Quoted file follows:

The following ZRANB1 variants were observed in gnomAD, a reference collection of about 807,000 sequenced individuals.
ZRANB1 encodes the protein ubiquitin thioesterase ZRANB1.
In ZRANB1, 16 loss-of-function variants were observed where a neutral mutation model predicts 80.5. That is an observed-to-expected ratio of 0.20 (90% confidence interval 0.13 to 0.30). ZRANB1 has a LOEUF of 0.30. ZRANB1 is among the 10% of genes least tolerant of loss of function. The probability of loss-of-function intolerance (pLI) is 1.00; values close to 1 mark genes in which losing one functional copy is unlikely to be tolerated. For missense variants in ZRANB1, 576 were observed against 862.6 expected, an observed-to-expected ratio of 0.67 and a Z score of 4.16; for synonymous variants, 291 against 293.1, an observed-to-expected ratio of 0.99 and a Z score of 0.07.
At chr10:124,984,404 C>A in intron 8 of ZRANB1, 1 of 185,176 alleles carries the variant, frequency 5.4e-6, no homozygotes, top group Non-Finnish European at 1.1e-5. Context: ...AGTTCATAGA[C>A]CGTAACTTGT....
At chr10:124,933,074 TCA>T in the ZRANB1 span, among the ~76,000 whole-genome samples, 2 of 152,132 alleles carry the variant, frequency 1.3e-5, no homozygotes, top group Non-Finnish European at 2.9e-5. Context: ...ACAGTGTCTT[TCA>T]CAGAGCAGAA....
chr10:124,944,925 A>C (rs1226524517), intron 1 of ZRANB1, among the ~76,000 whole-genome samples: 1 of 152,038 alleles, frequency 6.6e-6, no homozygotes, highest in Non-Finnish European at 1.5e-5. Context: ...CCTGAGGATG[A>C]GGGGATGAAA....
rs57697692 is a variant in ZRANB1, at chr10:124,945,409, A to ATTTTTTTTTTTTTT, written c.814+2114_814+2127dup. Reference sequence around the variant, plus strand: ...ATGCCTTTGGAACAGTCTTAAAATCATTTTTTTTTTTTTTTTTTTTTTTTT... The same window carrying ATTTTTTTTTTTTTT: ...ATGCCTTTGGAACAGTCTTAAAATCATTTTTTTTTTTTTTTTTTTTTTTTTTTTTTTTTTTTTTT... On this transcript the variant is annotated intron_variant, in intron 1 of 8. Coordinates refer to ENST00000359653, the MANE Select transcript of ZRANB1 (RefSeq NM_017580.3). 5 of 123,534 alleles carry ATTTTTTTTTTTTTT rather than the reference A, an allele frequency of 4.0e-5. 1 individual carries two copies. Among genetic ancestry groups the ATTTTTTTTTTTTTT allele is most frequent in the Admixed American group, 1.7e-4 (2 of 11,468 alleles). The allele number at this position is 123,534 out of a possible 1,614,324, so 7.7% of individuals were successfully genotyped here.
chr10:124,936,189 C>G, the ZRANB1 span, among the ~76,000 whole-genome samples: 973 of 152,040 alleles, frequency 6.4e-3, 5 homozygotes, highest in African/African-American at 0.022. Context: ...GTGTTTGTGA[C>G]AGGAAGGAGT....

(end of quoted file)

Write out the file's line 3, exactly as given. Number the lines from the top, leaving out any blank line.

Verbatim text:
In ZRANB1, 16 loss-of-function variants were observed where a neutral mutation model predicts 80.5. That is an observed-to-expected ratio of 0.20 (90% confidence interval 0.13 to 0.30). ZRANB1 has a LOEUF of 0.30. ZRANB1 is among the 10% of genes least tolerant of loss of function. The probability of loss-of-function intolerance (pLI) is 1.00; values close to 1 mark genes in which losing one functional copy is unlikely to be tolerated. For missense variants in ZRANB1, 576 were observed against 862.6 expected, an observed-to-expected ratio of 0.67 and a Z score of 4.16; for synonymous variants, 291 against 293.1, an observed-to-expected ratio of 0.99 and a Z score of 0.07.